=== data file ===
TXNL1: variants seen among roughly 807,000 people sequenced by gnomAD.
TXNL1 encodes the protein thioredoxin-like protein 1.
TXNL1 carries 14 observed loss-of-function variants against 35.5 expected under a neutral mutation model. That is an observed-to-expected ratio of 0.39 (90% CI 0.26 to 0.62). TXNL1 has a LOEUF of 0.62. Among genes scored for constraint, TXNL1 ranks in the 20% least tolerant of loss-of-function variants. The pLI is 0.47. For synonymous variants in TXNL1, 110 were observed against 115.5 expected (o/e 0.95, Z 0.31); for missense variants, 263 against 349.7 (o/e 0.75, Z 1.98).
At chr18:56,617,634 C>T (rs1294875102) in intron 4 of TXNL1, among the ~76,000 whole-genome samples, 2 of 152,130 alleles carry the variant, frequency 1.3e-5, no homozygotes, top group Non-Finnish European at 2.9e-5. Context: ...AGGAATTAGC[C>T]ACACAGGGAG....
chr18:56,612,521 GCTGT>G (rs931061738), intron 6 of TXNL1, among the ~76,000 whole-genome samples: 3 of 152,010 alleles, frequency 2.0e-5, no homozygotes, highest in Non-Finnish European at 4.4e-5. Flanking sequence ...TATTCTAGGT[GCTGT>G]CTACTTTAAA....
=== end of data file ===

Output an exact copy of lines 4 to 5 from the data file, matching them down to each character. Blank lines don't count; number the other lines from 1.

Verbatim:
At chr18:56,617,634 C>T (rs1294875102) in intron 4 of TXNL1, among the ~76,000 whole-genome samples, 2 of 152,130 alleles carry the variant, frequency 1.3e-5, no homozygotes, top group Non-Finnish European at 2.9e-5. Context: ...AGGAATTAGC[C>T]ACACAGGGAG....
chr18:56,612,521 GCTGT>G (rs931061738), intron 6 of TXNL1, among the ~76,000 whole-genome samples: 3 of 152,010 alleles, frequency 2.0e-5, no homozygotes, highest in Non-Finnish European at 4.4e-5. Flanking sequence ...TATTCTAGGT[GCTGT>G]CTACTTTAAA....